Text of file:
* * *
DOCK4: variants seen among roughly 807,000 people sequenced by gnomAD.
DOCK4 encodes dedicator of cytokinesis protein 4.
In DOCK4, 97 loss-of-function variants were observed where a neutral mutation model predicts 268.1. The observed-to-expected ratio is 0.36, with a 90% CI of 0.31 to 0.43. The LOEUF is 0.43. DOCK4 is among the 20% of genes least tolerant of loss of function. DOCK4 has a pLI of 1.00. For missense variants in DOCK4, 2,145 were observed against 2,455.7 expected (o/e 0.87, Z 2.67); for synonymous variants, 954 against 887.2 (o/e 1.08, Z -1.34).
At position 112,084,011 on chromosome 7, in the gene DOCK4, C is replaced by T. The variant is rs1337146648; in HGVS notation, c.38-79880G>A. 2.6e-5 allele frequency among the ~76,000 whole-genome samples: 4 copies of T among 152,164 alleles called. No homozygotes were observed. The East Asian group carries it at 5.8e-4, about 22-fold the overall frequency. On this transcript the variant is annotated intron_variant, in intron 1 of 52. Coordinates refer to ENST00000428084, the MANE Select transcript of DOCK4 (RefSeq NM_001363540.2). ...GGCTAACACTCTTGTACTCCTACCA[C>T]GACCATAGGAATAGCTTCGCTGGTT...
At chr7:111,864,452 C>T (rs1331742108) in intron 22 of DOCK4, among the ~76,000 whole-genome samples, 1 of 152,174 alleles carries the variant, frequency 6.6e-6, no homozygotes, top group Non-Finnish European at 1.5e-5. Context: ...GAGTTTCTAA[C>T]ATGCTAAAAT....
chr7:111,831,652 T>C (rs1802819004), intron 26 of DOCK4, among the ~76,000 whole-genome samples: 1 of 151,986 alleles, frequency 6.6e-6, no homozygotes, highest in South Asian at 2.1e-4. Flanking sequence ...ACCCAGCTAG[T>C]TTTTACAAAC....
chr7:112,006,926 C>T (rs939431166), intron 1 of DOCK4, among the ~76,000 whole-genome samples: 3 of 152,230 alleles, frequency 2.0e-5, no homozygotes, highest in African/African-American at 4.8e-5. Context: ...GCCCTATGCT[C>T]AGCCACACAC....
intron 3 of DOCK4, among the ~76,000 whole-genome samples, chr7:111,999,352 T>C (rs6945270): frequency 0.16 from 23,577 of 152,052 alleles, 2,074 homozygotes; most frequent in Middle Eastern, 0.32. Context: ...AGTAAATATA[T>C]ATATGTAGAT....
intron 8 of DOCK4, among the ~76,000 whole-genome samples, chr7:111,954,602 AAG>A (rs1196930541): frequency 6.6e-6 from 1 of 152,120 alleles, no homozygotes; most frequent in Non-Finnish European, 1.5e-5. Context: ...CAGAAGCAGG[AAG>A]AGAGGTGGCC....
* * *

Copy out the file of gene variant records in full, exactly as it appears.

DOCK4: variants seen among roughly 807,000 people sequenced by gnomAD.
DOCK4 encodes dedicator of cytokinesis protein 4.
In DOCK4, 97 loss-of-function variants were observed where a neutral mutation model predicts 268.1. The observed-to-expected ratio is 0.36, with a 90% CI of 0.31 to 0.43. The LOEUF is 0.43. DOCK4 is among the 20% of genes least tolerant of loss of function. DOCK4 has a pLI of 1.00. For missense variants in DOCK4, 2,145 were observed against 2,455.7 expected (o/e 0.87, Z 2.67); for synonymous variants, 954 against 887.2 (o/e 1.08, Z -1.34).
At position 112,084,011 on chromosome 7, in the gene DOCK4, C is replaced by T. The variant is rs1337146648; in HGVS notation, c.38-79880G>A. 2.6e-5 allele frequency among the ~76,000 whole-genome samples: 4 copies of T among 152,164 alleles called. No homozygotes were observed. The East Asian group carries it at 5.8e-4, about 22-fold the overall frequency. On this transcript the variant is annotated intron_variant, in intron 1 of 52. Coordinates refer to ENST00000428084, the MANE Select transcript of DOCK4 (RefSeq NM_001363540.2). ...GGCTAACACTCTTGTACTCCTACCA[C>T]GACCATAGGAATAGCTTCGCTGGTT...
At chr7:111,864,452 C>T (rs1331742108) in intron 22 of DOCK4, among the ~76,000 whole-genome samples, 1 of 152,174 alleles carries the variant, frequency 6.6e-6, no homozygotes, top group Non-Finnish European at 1.5e-5. Context: ...GAGTTTCTAA[C>T]ATGCTAAAAT....
chr7:111,831,652 T>C (rs1802819004), intron 26 of DOCK4, among the ~76,000 whole-genome samples: 1 of 151,986 alleles, frequency 6.6e-6, no homozygotes, highest in South Asian at 2.1e-4. Flanking sequence ...ACCCAGCTAG[T>C]TTTTACAAAC....
chr7:112,006,926 C>T (rs939431166), intron 1 of DOCK4, among the ~76,000 whole-genome samples: 3 of 152,230 alleles, frequency 2.0e-5, no homozygotes, highest in African/African-American at 4.8e-5. Context: ...GCCCTATGCT[C>T]AGCCACACAC....
intron 3 of DOCK4, among the ~76,000 whole-genome samples, chr7:111,999,352 T>C (rs6945270): frequency 0.16 from 23,577 of 152,052 alleles, 2,074 homozygotes; most frequent in Middle Eastern, 0.32. Context: ...AGTAAATATA[T>C]ATATGTAGAT....
intron 8 of DOCK4, among the ~76,000 whole-genome samples, chr7:111,954,602 AAG>A (rs1196930541): frequency 6.6e-6 from 1 of 152,120 alleles, no homozygotes; most frequent in Non-Finnish European, 1.5e-5. Context: ...CAGAAGCAGG[AAG>A]AGAGGTGGCC....